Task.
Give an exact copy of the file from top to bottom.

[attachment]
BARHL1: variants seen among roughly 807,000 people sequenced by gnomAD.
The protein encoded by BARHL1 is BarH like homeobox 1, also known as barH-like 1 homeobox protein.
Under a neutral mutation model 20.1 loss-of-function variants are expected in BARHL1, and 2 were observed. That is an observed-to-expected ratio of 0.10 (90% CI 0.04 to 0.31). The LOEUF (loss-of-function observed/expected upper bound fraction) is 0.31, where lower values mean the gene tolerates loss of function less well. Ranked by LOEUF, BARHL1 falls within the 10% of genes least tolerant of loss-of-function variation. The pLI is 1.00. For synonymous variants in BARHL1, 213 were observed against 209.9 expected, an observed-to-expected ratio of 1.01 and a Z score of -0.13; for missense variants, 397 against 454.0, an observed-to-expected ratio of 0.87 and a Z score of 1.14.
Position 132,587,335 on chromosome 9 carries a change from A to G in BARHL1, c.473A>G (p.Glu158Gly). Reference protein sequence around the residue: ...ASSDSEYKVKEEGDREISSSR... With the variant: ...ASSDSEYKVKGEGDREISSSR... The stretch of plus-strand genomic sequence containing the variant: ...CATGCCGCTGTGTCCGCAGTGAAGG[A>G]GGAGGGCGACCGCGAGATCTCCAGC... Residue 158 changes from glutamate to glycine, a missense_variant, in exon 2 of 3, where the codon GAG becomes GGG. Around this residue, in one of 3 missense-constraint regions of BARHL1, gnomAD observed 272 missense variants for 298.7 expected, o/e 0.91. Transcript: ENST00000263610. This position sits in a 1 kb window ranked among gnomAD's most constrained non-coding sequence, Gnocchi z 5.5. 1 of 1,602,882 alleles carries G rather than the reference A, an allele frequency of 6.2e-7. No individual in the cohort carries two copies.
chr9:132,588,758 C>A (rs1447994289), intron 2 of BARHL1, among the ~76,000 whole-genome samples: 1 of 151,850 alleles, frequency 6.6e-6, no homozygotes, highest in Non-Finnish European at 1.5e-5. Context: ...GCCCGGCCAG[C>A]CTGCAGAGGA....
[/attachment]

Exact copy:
BARHL1: variants seen among roughly 807,000 people sequenced by gnomAD.
The protein encoded by BARHL1 is BarH like homeobox 1, also known as barH-like 1 homeobox protein.
Under a neutral mutation model 20.1 loss-of-function variants are expected in BARHL1, and 2 were observed. That is an observed-to-expected ratio of 0.10 (90% CI 0.04 to 0.31). The LOEUF (loss-of-function observed/expected upper bound fraction) is 0.31, where lower values mean the gene tolerates loss of function less well. Ranked by LOEUF, BARHL1 falls within the 10% of genes least tolerant of loss-of-function variation. The pLI is 1.00. For synonymous variants in BARHL1, 213 were observed against 209.9 expected, an observed-to-expected ratio of 1.01 and a Z score of -0.13; for missense variants, 397 against 454.0, an observed-to-expected ratio of 0.87 and a Z score of 1.14.
Position 132,587,335 on chromosome 9 carries a change from A to G in BARHL1, c.473A>G (p.Glu158Gly). Reference protein sequence around the residue: ...ASSDSEYKVKEEGDREISSSR... With the variant: ...ASSDSEYKVKGEGDREISSSR... The stretch of plus-strand genomic sequence containing the variant: ...CATGCCGCTGTGTCCGCAGTGAAGG[A>G]GGAGGGCGACCGCGAGATCTCCAGC... Residue 158 changes from glutamate to glycine, a missense_variant, in exon 2 of 3, where the codon GAG becomes GGG. Around this residue, in one of 3 missense-constraint regions of BARHL1, gnomAD observed 272 missense variants for 298.7 expected, o/e 0.91. Transcript: ENST00000263610. This position sits in a 1 kb window ranked among gnomAD's most constrained non-coding sequence, Gnocchi z 5.5. 1 of 1,602,882 alleles carries G rather than the reference A, an allele frequency of 6.2e-7. No individual in the cohort carries two copies.
chr9:132,588,758 C>A (rs1447994289), intron 2 of BARHL1, among the ~76,000 whole-genome samples: 1 of 151,850 alleles, frequency 6.6e-6, no homozygotes, highest in Non-Finnish European at 1.5e-5. Context: ...GCCCGGCCAG[C>A]CTGCAGAGGA....